Emeishan ChinaIf you can picture the quintessential Chinese mountain scene painted on a rice-paper scroll, with mist-shrouded mountain peaks and long stone stairways connecting ancient pagodas perched atop cliffs, then you can picture Emeishan. Emeishan is home to the first Buddhist temple in China and the place where Buddhism is said to have taken hold in the country in the 1st century. Pilgrims and tourists come in droves to see the key sights but for those looking to trek the 10,000-foot mountain and enjoy its 100 plus monasteries, temples, and pavilions over the course of a two-day hike, it’s a heavenly ascent.

 

The many steps of Emeishan ChinaIf it weren’t for our twenty-thousand-stair warm up trek to Annapurna Base Camp we might have been shocked by the sheer volume of steps on Mount Emei, but with much smaller rucksacks, and storybook images at every turn, we climbed from monastery to monastery without complaints.

 

Prayers and incense at Emeishan ChinaEvery hour or so, a temple like this would appear in the forest. We would pop in to admire the Buddhist art, take a whiff of the heady incense, watch the monks minding the holy grounds, and take a chug of water before carrying on.

 

Kangxi Emperor's visit to Emeishan ChinaThis massive carving cut into the side of the mountain depicts the scene of the Kangxi Emperor’s visit to Emeishan in the 17th century. Carvings like this dotted the mountains as we climbed, each revealing a new layer of Emei’s history.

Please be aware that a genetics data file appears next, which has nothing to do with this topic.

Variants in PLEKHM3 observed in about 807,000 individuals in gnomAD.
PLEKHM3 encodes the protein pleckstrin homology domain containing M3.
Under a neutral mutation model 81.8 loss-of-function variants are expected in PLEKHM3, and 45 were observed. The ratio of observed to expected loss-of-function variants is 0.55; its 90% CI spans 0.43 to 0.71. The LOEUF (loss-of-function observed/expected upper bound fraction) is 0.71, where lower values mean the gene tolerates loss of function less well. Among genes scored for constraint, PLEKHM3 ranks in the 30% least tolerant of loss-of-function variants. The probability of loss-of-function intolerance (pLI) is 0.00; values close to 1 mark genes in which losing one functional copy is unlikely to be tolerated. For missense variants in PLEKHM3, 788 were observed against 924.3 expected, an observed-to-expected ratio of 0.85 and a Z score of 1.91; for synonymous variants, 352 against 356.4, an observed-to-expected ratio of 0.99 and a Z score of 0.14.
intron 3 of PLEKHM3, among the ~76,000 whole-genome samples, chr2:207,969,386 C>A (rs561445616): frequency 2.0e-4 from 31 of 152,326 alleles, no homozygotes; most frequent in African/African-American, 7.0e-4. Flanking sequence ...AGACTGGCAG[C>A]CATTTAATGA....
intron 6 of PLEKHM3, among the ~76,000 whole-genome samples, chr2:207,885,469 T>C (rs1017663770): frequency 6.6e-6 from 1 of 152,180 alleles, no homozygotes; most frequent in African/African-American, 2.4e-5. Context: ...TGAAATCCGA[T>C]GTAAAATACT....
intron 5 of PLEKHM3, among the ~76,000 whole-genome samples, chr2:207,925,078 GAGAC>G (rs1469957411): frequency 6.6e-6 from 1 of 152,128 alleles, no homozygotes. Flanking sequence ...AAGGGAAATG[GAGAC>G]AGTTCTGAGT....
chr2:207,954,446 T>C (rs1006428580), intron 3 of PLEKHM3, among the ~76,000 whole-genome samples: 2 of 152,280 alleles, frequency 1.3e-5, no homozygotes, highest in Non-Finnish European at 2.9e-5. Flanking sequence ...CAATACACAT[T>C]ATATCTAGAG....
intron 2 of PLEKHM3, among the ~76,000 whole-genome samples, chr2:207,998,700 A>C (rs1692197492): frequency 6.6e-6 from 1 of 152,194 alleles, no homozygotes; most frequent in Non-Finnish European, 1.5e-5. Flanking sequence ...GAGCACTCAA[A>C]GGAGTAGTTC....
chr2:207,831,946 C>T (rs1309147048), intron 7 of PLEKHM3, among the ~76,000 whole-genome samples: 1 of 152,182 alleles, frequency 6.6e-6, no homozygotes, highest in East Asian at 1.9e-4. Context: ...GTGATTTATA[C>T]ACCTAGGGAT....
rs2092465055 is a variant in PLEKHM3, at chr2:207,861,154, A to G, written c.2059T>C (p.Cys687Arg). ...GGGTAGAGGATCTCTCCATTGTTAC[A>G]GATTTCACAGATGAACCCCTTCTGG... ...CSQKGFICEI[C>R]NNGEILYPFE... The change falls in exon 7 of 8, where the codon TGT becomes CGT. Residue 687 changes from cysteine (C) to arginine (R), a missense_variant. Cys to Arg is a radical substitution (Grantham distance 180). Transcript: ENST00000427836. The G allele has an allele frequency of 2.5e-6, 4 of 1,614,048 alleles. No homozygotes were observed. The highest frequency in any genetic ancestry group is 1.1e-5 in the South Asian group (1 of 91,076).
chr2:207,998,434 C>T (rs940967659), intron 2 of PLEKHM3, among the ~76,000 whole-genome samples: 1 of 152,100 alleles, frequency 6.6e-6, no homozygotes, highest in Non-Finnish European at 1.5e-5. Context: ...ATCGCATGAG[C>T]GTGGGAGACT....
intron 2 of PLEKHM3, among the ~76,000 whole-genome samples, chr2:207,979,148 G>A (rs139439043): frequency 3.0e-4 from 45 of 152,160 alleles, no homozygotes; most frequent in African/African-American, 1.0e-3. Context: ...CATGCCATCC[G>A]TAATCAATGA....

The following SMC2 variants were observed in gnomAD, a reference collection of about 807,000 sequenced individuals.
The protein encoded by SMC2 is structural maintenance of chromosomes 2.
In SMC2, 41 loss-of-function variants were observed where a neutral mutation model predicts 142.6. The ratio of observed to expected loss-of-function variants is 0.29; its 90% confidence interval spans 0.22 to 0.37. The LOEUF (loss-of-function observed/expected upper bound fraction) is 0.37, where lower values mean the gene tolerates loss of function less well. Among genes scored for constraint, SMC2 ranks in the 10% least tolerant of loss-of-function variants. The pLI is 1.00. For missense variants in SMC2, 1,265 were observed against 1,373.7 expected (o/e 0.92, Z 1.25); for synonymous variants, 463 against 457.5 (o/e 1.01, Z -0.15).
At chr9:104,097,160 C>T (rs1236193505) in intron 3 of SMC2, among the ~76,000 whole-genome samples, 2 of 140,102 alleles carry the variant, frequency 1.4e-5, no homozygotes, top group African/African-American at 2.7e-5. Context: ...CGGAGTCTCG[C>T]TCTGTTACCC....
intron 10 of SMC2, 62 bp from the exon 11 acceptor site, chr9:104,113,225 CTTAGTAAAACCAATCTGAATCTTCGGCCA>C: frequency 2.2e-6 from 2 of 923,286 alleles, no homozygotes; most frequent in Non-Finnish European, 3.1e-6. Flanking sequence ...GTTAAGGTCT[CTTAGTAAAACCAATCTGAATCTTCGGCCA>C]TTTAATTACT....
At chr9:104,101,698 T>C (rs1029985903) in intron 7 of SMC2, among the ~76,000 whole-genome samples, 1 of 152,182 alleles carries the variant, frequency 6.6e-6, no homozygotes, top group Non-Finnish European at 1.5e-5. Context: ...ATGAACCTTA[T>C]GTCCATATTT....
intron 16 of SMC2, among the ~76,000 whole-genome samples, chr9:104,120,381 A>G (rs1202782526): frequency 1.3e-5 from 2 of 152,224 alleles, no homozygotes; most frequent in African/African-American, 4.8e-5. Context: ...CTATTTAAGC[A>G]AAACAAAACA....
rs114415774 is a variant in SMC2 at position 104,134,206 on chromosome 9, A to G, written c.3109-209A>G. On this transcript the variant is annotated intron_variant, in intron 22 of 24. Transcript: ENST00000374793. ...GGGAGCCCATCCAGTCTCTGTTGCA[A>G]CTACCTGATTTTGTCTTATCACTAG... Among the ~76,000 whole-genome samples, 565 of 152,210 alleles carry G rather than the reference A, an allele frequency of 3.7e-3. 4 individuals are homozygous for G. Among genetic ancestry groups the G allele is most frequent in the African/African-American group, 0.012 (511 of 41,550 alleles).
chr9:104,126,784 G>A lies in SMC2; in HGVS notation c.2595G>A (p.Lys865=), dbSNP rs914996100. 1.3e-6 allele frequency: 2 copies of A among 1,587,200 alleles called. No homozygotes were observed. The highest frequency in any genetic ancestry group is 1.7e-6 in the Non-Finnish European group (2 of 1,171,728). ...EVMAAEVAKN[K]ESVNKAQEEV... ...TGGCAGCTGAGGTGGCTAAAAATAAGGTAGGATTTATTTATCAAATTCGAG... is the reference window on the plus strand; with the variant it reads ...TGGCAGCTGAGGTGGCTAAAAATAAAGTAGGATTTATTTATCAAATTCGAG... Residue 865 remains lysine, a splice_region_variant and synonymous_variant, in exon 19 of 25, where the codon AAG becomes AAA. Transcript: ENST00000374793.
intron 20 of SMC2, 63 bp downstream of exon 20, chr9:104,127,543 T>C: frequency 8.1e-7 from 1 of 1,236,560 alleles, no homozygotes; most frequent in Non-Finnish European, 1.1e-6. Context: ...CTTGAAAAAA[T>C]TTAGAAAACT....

Waterfalls of Emeishan ChinaI honestly don’t even need to say anything about this photograph (but I will), as you can hopefully just imagine yourself sitting there with us, with the towering mist-shrouded cliffs in the background, funneling their small streams into a flowing fall.

 

Locks of love at Chinese TempleJust above Niuxin Pavilion (the double-bridge pagoda in the first image) is the curious Qing Yin temple. People wishing for good luck in business, a healthy pregnancy, safe travels, and ever-lasting love come here to tie engraved locks to the temple banister. This was the first time we saw this phenomenon but later realized this happens in holy places all over China.

 

Sleep in a monastery at Emeishan MountainAs day one of our trek came to a close, we pulled into the Hongchungping Temple where we would spend the night alongside the monks who call this place home. Though the accommodations were beyond than basic, it was cool to live like a monk for a day.

 

Monk rules at Monastery EmeishanWe have no idea what this says (if you can read Chinese, let us know what it says in the comments below), but we imagined it was some wise words to live by or the breakfast menu.